The study addresses the relationships between task parameters and two components of variance, "good" and "bad", during multi-finger accurate force production. The variance components are defined in the space of commands to the fingers (finger modes) and refer to variance that does ("bad") and does not ("good") affect total force. Based on an earlier study of cyclic force production, we hypothesized that speeding-up an accurate force production task would be accompanied by a drop in the regression coefficient linking the "bad" variance and force rate such that variance of the total force remains largely unaffected. We also explored changes in parameters of anticipatory synergy adjustments with speeding-up the task. The subjects produced accurate ramps of total force over different times and in different directions (force-up and force-down) while pressing with the four fingers of the right hand on individual force sensors. The two variance components were quantified, and their normalized difference was used as an index of a total force stabilizing synergy. "Good" variance scaled linearly with force magnitude and did not depend on force rate. "Bad" variance scaled linearly with force rate within each task, and the scaling coefficient did not change across tasks with different ramp times. As a result, a drop in force ramp time was associated with an increase in total force variance, unlike the results of the study of cyclic tasks. The synergy index dropped 100-200 ms prior to the first visible signs of force change. The timing and magnitude of these anticipatory synergy adjustments did not depend on the ramp time. Analysis of the data within an earlier model has shown adjustments in the variance of a timing parameter, although these adjustments were not as pronounced as in the earlier study of cyclic force production. Overall, we observed qualitative differences between the discrete and cyclic force production tasks: Speeding-up the cyclic tasks was associated with

  17. Variance Components in Discrete Force Production Tasks

    PubMed Central

    SKM, Varadhan; Zatsiorsky, Vladimir M.; Latash, Mark L.

    2010-01-01

    The study addresses the relationships between task parameters and two components of variance, “good” and “bad”, during multi-finger accurate force production. The variance components are defined in the space of commands to the fingers (finger modes) and refer to variance that does (“bad”) and does not (“good”) affect total force. Based on an earlier study of cyclic force production, we hypothesized that speeding-up an accurate force production task would be accompanied by a drop in the regression coefficient linking the “bad” variance and force rate such that variance of the total force remains largely unaffected. We also explored changes in parameters of anticipatory synergy adjustments with speeding-up the task. The subjects produced accurate ramps of total force over different times and in different directions (force-up and force-down) while pressing with the four fingers of the right hand on individual force sensors. The two variance components were quantified, and their normalized difference was used as an index of a total force stabilizing synergy. “Good” variance scaled linearly with force magnitude and did not depend on force rate. “Bad” variance scaled linearly with force rate within each task, and the scaling coefficient did not change across tasks with different ramp times. As a result, a drop in force ramp time was associated with an increase in total force variance, unlike the results of the study of cyclic tasks. The synergy index dropped 100-200 ms prior to the first visible signs of force change. The timing and magnitude of these anticipatory synergy adjustments did not depend on the ramp time. Analysis of the data within an earlier model has shown adjustments in the variance of a timing parameter, although these adjustments were not as pronounced as in the earlier study of cyclic force production. Overall, we observed qualitative differences between the discrete and cyclic force production tasks: Speeding-up the cyclic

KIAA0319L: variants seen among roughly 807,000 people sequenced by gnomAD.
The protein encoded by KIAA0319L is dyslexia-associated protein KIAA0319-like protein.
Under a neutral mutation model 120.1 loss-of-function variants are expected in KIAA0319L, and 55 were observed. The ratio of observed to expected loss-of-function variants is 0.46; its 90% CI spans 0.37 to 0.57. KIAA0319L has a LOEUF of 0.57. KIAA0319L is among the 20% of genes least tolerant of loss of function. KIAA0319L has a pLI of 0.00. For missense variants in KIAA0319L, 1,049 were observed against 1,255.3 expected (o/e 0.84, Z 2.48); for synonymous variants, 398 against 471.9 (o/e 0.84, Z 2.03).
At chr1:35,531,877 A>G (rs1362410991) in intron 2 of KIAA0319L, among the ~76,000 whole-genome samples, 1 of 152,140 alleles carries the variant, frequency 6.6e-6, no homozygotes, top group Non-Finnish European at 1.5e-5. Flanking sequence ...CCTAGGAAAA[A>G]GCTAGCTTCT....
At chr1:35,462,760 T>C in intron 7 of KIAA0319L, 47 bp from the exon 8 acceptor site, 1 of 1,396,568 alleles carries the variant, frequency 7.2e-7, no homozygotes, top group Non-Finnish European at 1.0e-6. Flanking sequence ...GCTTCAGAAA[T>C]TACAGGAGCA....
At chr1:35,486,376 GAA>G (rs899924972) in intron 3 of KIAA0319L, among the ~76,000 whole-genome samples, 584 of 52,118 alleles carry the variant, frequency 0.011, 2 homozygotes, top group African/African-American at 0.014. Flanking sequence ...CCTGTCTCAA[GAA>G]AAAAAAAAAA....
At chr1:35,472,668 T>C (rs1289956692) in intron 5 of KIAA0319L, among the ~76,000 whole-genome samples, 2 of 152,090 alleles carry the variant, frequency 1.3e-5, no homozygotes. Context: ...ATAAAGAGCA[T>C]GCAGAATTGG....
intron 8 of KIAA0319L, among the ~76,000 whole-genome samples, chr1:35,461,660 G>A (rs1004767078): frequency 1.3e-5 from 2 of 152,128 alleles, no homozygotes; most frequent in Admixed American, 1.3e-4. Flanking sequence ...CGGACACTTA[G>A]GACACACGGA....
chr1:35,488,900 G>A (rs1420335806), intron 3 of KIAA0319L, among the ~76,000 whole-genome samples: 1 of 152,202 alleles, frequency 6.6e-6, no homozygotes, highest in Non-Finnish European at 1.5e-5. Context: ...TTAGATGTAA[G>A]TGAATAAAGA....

18. Solitons in strongly driven discrete nonlinear Schroedinger-type models

    SciTech Connect

    Garnier, Josselin; Abdullaev, Fatkhulla Kh.; Salerno, Mario

    2007-01-15

    Discrete solitons in the Ablowitz-Ladik (AL) and discrete nonlinear Schroedinger (DNLS) equations with damping and strong rapid drive are investigated. The averaged equations have the forms of the parametric AL and DNLS equations. An additional type of parametric bright discrete soliton and cnoidal waves are found and the stability properties are analyzed. The analytical predictions of the perturbed inverse scattering transform are confirmed by the numerical simulations of the AL and DNLS equations with rapidly varying drive and damping.

  19. Imaging Through Random Discrete-Scatterer Dispersive Media

    DTIC Science & Technology

    2015-08-27